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Two working groups appointed to analyze new faculty survey data

by Oct. 6, 2016, 11:45 AM

(Vanderbilt University)
(Vanderbilt University)

A new faculty working group has been appointed by Provost and Vice Chancellor for Academic Affairs Susan R. Wente and Vice Chancellor for Equity, Diversity and Inclusion George C. Hill. This committee is charged with analyzing and assessing the results of a faculty survey conducted last spring. The provost also has appointed a second working group charged with providing insights for each of the deans and their faculty.

Vanderbilt partnered with the Collaborative on Academic Careers in Higher Education (COACHE) to conduct a survey of the faculty, which was administered from Feb. 2 to April 17, 2016.

Importantly, the survey included full-time, tenured, tenure-track and non-tenure-track faculty that report through the provost. It excluded senior administrators with faculty appointments, clinical faculty and faculty in their first year at Vanderbilt. The survey was designed to provide information in areas such as the nature of the work (e.g. research, teaching and service), resources and support, interdisciplinary work, mentoring, tenure and promotion, work and personal life balance, and faculty governance, among others.

The survey was completed by 56 percent of the Vanderbilt faculty who were asked to participate, which was a higher response rate than most other universities in the COACHE survey cohort.

“The purpose of this survey was to learn more about our faculty’s thinking on a range of topics, including teaching, research, service, tenure, collaboration, faculty governance and university leadership and to gain insight into ways the university can strengthen its culture of support,” Chancellor Nicholas S. Zeppos said. “The tremendous level of participation shows an affirming depth of faculty engagement in determining Vanderbilt’s future.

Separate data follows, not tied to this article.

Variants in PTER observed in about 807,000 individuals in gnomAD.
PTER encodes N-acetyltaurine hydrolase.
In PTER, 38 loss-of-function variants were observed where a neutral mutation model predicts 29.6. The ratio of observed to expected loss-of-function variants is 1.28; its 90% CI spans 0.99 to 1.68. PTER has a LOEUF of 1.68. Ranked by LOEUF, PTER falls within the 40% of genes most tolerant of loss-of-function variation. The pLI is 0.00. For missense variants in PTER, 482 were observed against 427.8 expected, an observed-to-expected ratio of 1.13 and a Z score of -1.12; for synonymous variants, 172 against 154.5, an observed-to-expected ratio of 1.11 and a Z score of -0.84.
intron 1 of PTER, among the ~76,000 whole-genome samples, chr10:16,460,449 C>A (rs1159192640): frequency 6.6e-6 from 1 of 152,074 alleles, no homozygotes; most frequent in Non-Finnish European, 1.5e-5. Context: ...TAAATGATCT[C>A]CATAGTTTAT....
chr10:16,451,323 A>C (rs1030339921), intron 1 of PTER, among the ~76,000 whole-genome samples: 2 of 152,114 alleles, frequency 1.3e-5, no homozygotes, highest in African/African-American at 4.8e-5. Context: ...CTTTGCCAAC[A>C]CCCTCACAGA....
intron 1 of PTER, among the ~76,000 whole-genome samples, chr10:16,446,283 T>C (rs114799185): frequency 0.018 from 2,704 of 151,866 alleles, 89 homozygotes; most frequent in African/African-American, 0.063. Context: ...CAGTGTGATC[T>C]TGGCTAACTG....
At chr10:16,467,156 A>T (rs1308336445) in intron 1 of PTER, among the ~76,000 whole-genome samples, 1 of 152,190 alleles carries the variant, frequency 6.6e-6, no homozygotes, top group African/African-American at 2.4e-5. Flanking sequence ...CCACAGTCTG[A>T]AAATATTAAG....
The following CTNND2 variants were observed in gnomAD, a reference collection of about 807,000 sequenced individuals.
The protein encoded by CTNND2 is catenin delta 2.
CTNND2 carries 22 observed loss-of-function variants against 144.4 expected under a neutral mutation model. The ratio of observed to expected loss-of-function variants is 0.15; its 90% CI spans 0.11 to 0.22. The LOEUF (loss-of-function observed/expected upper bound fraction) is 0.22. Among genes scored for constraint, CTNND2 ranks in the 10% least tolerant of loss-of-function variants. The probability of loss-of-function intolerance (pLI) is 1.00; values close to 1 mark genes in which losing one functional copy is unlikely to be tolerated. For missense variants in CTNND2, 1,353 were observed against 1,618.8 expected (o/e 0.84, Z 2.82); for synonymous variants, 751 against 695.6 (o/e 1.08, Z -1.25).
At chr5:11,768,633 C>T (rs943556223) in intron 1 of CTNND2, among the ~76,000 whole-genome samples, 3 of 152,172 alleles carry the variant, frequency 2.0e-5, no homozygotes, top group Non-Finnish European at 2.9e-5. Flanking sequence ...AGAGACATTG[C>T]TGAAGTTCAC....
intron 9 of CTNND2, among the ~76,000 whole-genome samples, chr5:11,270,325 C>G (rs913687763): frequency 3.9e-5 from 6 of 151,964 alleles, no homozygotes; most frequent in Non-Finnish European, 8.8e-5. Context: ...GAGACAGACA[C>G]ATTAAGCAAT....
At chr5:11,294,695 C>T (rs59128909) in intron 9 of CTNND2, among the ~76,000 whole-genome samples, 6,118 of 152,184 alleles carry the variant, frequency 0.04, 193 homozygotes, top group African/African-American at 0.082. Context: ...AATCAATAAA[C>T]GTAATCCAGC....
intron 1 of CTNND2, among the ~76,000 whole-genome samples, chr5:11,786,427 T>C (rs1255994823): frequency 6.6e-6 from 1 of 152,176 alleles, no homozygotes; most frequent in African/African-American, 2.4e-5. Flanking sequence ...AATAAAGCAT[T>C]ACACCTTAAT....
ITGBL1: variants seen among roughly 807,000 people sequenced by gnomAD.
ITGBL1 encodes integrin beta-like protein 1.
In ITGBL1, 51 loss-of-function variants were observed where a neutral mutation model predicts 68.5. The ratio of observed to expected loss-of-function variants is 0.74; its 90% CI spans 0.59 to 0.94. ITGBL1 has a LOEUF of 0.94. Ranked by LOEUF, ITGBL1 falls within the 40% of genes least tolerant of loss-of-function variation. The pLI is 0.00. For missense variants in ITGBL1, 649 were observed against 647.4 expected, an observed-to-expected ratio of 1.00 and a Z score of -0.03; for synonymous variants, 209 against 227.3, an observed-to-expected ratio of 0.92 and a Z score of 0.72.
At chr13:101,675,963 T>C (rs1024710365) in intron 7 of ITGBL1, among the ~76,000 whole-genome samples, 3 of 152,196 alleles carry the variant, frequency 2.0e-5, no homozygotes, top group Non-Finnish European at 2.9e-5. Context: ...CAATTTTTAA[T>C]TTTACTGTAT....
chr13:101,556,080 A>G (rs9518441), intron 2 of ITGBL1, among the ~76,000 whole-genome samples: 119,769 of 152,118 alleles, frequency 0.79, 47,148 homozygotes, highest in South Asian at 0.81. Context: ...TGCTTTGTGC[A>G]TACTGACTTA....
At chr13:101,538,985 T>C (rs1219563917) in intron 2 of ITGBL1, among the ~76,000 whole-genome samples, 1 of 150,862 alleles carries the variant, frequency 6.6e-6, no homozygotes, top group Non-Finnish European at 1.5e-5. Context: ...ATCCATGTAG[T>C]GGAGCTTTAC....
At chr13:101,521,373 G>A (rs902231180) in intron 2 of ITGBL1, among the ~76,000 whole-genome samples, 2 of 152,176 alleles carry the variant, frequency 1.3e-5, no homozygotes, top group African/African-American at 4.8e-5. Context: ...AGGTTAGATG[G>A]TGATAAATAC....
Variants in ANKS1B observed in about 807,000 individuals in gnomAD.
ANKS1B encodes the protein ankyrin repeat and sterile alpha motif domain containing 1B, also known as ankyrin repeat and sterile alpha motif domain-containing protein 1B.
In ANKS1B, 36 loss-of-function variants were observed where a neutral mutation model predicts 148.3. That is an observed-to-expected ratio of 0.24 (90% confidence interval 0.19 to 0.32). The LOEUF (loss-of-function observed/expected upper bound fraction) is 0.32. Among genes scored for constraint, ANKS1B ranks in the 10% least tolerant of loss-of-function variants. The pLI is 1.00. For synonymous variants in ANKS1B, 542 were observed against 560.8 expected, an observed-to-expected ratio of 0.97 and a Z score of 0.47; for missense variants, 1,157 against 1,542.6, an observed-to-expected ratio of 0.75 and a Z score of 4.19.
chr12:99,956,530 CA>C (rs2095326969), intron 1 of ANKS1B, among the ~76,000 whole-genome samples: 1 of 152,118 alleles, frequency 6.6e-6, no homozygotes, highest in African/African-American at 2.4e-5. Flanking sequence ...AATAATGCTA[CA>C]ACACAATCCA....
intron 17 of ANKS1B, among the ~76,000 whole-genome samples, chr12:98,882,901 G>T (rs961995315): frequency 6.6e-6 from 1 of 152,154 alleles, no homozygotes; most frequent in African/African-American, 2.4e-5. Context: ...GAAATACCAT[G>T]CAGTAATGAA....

“These two working groups will carefully review and analyze the survey results and compile an analysis that will allow us to develop informed assessments and identify strategies to more fully support the research, scholarship and teaching needs and interests of our faculty, while ensuring Vanderbilt provides a welcoming, encouraging and inclusive climate for all,” he said.

The survey included questions developed by COACHE as well as Vanderbilt-specific questions developed by Vanderbilt faculty in collaboration with Wente’s and Hill’s offices. “With this survey, we have an important opportunity to advance critical conversations on the status of support for faculty on our campus,” Wente said. “I will be working closely with the deans and Vice Chancellor Hill on the committees’ findings, especially as they address issues of equity, diversity and inclusion. It is also critical that this process of assessment be faculty-driven.”
COACHE is a research and membership organization that has been operating from the Harvard Graduate School of Education since 2003. It is driven by senior academic leaders who have worked with more than 250 colleges and universities to shape career satisfaction for faculty and, over the past decade, has produced best-in-class institutional reports. These high-standard reports are based off of actionable, tailored and climate-driven surveys.